• $\begingroup$ Surprisingly, the equations $AW=0$ with $A$ and $W$ symmetric still have a $\binom{n+1}{2}$ dimensional space of solutions -- it breaks up into $n+1$ components according to the ranks of $A$ and $W$. It would be enough to show that, for each of the $(n+1)^4$ components of $AW=BX=CY=DZ=0$, the intersection with the linear space $A+B+C+D=W+X+Y+Z=0$ has dimension $n^2+n$. $\endgroup$ Aug 23, 2017 at 21:35

This is not really an answer, but hopefully may be of help. As David Speyer already pointed out, the problem is basically about a matrix equation $$(X+Y+Z)^{-1}=X^{-1}+Y^{-1}+Z^{-1}.$$ Three symmetric matrices make a space of dimension $\frac{3}{2}n(n+1)$, and the above equation makes a variety of codimension $\frac{1}{2}n(n+1)$ in it. So, I would agree that the irreducible component of the largest dimension has dimension $n^2+n$.

Note that if you multiply each matrix by (the same) scalar, then it will still be a solution of the same equation. So, it is natural to consider this as a projective variety (a subvariety in $\mathbb{P}^{\frac{3}{2}n(n+1)-1}$). (Of course, it is a closure, i.e. it has points which do not correspond to triples of invertible matrices.)

Back to the original question. Denote $A=Y+Z, B=Y^{-1}+Z^{-1}$. Then we have an equation for $X$, $$A+XBX+ABX=0.$$ (And, using conjugation, $ABX=XBA$.) Equations of this sort are known as algebraic Riccati equations (though this one is a bit special). If I am not mistaken, for a general $Y,Z$ all of its solutions are Galois conjugate, which means that there is only one irreducible component of maximal dimension. The case $n=1$ (when there are three components) must be an exception.

[EDIT] (The above is almost true except there are other components.) Consider first the case when $Y$ and $Z$ are general. We may chose a square root $B^{1/2}$ and consider matrices $$x=B^{1/2}XB^{1/2},\,\,a=B^{1/2}AB^{1/2}.$$ In this terms, the above equation is $$xa=ax,\,x^2+ax+a=0.$$ In the general case, it has $2^n$ solutions (consider $a$ in the diagonal form.) I presumed that all these solutions are Galois conjugate, but on second thought, no. At least, there are two obvious solutions $X=-Y$ and $X=-Z$ which are not conjugate to anything. For $n>1$ there are more solutions.

So, there are four components, $X+Y=0, X+Z=0, Y+Z=0$ and the fourth one (probably reducible) comes from extra solutions of the above equation (for $n>1$). So, it is not much. Still, the above argument has a point: it should be possible to count the components once you figure out how to divide these $2^n$ solutions between them.

  • $\begingroup$ It's not as bad as you think in $n=1$, as for one of the components $Y$ and $Z$ are not general. $\endgroup$
    – Will Sawin
    Aug 23, 2017 at 15:35
  • $\begingroup$ Do you have a reference for the claim about solutions of an algebraic Ricatti equation being Galois conjugate? $\endgroup$
    – Will Sawin
    Aug 23, 2017 at 15:38
  • $\begingroup$ Actually, I do not know any reference related to the actual algebra of this equations. (They are used almost exclusively in applied math.) The thing is, this particular equation is actually a system: a Riccati equation together with $ABX=XBA$. This system has a more or less explicit solution. Denote $x=B^{1/2}XB^{1/2}$ and $a=B^{1/2}AB^{1/2}$. The system may then be written as $$xa=ax,\,x^2+ax+a=0.$$ The solution of it is obvious once $a$ is written in the diagonal form. For a general case, there are $2^n$ solutions depending on the choice of square roots. $\endgroup$ Aug 24, 2017 at 10:43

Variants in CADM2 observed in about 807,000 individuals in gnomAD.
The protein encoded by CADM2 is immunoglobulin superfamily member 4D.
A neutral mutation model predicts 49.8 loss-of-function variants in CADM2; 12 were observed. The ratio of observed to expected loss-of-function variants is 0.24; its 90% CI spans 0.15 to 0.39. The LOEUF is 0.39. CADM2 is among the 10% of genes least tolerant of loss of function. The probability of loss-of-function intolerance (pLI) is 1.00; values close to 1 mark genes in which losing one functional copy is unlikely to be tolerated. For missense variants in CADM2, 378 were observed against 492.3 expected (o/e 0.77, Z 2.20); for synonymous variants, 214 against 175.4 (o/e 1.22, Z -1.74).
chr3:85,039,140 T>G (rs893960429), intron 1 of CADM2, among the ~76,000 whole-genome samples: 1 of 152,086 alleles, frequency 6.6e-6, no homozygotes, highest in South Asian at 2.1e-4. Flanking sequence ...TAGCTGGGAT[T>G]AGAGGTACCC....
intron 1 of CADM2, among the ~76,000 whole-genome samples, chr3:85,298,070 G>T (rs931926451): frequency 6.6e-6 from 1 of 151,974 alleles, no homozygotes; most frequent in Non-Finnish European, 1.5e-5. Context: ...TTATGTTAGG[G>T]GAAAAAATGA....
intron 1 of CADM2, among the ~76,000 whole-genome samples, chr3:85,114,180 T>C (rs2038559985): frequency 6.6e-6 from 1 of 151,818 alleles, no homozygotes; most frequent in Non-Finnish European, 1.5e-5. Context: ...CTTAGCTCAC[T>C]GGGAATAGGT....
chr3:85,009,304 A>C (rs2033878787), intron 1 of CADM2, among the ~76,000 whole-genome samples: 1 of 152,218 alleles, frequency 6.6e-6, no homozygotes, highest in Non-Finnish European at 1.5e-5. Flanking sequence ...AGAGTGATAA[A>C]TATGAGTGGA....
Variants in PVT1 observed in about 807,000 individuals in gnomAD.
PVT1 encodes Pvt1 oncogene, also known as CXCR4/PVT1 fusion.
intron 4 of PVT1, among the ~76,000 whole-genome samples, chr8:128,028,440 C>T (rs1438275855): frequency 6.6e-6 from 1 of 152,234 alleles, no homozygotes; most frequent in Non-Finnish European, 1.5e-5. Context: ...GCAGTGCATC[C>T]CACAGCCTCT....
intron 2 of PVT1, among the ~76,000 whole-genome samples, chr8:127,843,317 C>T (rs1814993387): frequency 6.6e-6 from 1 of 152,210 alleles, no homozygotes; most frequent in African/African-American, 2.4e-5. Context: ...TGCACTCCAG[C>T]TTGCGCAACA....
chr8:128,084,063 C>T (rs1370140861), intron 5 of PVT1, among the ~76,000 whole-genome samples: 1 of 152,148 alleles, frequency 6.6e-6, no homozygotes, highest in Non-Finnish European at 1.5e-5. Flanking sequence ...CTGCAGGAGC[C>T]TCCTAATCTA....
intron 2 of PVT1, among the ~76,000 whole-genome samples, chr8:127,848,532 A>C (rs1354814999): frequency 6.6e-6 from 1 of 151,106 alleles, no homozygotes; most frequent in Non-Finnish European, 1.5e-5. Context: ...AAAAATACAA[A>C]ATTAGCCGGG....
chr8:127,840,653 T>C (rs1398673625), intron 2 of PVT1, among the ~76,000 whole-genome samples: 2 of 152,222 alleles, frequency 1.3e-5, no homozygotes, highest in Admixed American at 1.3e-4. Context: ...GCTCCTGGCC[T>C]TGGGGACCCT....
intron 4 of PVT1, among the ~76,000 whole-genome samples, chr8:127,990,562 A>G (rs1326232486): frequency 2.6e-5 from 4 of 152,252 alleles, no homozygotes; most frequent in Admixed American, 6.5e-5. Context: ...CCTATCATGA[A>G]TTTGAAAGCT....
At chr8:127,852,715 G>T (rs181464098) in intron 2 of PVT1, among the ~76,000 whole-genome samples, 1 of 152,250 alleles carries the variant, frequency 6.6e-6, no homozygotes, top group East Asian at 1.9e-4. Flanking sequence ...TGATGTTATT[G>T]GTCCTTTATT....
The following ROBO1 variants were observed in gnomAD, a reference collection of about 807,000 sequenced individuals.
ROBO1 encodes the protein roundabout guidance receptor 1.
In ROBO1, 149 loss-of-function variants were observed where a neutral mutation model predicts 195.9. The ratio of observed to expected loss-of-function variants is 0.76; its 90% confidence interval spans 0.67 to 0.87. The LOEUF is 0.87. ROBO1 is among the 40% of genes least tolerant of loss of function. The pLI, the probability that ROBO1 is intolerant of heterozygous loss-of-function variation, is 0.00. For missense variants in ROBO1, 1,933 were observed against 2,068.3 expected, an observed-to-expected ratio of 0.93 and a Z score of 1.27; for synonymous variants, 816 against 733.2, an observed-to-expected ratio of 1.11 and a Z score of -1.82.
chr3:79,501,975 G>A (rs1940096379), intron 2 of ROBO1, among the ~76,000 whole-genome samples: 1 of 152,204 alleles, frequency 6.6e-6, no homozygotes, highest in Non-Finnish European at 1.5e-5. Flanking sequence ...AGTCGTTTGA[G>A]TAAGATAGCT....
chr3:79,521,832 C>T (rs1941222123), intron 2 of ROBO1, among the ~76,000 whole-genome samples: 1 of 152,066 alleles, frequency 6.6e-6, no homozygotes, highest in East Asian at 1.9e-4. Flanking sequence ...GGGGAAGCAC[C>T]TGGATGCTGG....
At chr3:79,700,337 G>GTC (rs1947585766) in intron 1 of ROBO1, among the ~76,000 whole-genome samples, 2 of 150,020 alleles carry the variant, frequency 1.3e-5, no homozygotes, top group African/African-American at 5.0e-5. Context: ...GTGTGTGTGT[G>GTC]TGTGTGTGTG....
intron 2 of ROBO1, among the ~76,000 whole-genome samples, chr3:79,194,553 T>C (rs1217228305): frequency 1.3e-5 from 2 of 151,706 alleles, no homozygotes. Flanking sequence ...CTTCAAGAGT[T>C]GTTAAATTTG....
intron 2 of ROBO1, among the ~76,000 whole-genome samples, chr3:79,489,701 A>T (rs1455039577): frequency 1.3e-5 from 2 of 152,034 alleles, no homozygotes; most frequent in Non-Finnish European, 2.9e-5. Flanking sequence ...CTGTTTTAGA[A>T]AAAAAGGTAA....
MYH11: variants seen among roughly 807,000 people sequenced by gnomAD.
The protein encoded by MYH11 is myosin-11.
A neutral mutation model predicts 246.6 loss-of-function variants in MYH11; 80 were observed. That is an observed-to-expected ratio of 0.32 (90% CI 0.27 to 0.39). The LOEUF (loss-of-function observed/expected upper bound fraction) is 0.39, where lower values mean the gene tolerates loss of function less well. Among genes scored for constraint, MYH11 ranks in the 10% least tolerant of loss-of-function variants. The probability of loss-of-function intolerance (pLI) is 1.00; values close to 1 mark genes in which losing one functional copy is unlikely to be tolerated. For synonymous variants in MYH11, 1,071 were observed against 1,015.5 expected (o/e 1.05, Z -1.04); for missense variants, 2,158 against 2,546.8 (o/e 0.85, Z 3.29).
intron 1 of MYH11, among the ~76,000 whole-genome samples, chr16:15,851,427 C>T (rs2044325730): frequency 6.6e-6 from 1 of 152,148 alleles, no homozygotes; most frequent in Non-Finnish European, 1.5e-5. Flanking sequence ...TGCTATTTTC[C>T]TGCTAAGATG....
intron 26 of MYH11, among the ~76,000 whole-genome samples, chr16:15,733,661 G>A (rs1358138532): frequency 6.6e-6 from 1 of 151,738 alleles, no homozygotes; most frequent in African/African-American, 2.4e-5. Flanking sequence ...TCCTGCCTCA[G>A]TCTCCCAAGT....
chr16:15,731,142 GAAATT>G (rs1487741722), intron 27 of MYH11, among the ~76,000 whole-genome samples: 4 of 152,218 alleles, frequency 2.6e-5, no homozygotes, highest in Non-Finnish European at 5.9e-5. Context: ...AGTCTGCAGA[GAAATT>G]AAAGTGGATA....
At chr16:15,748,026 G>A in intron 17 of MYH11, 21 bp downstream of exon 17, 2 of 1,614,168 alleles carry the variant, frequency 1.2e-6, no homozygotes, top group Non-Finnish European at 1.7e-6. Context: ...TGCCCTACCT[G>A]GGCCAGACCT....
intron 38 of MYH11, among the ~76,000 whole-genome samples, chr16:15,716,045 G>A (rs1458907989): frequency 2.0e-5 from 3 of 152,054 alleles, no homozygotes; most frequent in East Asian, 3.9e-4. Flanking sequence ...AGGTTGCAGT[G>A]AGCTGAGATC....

• $\begingroup$ I believe it is possible to prove that all these solutions are Galois conjugate, though it may require some effort. $\endgroup$ Aug 24, 2017 at 10:46
  • $\begingroup$ I mean, they are conjugate for a general matrix $a$. Just now I spotted that in the case $A=B=0$ the solution is an arbitrary $X$, and this is again a component of dimension $n^2+n$, so I was wrong! $\endgroup$ Aug 24, 2017 at 11:11

This non-answer grew too long for a comment.

Let's change coordinates, $B_i = \check\rho(t)A_i$, where $\check\rho(z)$ is the diagonal matrix $diag(t,t^2,t^3,\ldots,t^n)$. Then the original equations $A_i = A_i^T, A_1+A_2 = A_3+A_4, A_1^{-1}+A_2^{-1} = A_3^{-1}+A_4^{-1}$ become $B_i = \check\rho(t) B_i^T \check\rho(t^{-1})$ and the other two unchanged. If you take $t\to\infty$ then instead of considering symmetric matrices you're considering upper triangular. There's a serious issue that these may not be enough equations to define the limit (may not be "Gröbner enough"), but if they define a complete intersection then (they are Gröbner enough and) the original was a complete intersection.

The natural action of $GL(n)$ on the original four matrices, $g\cdot A_i = g A_i g^T$, degenerates/extends to an action of $B\times B$, left and right independent multiplication by upper triangular matrices. Using that we can assume $B_1 = \bf 1$, and still have a conjugation action on the other three $B_i$. So we've reduced to the question, is the space of quadruples $(1,B_2,B_3,B_4)$ of upper triangular matrices, satisfying your original two matrix equations, only $n+1\choose 2$-dimensional. Or even stronger, is (this space)/(the residual $B$-action) only $1$-dimensional.

For $n=2$, the resulting space is indeed still a complete intersection, now with 12 components, of degrees {3,3,3,3,3,3, 2,2,2, 1,1,1}. I didn't look into how the original components break into these.

  • $\begingroup$ Cool idea! I don't think your stronger claim about a one-dimensional quotient can be true. The diagonal elements are invariant under conjugation, so the dimension of the quotient is at least the dimension of the space of diagonal solutions, which is $n$. Of course, these solutions are fixed under conjugation by diagonal matrices so it doesn't contradict the claim that the full space is ${n+1 \choose 2}$-dimensional. $\endgroup$
    – Will Sawin
    Sep 26, 2017 at 6:20

Your Answer

By clicking “Post Your Answer”, you agree to our terms of service and acknowledge that you have read and understand our privacy policy and code of conduct.

Not the answer you're looking for? Browse other questions tagged or ask your own question.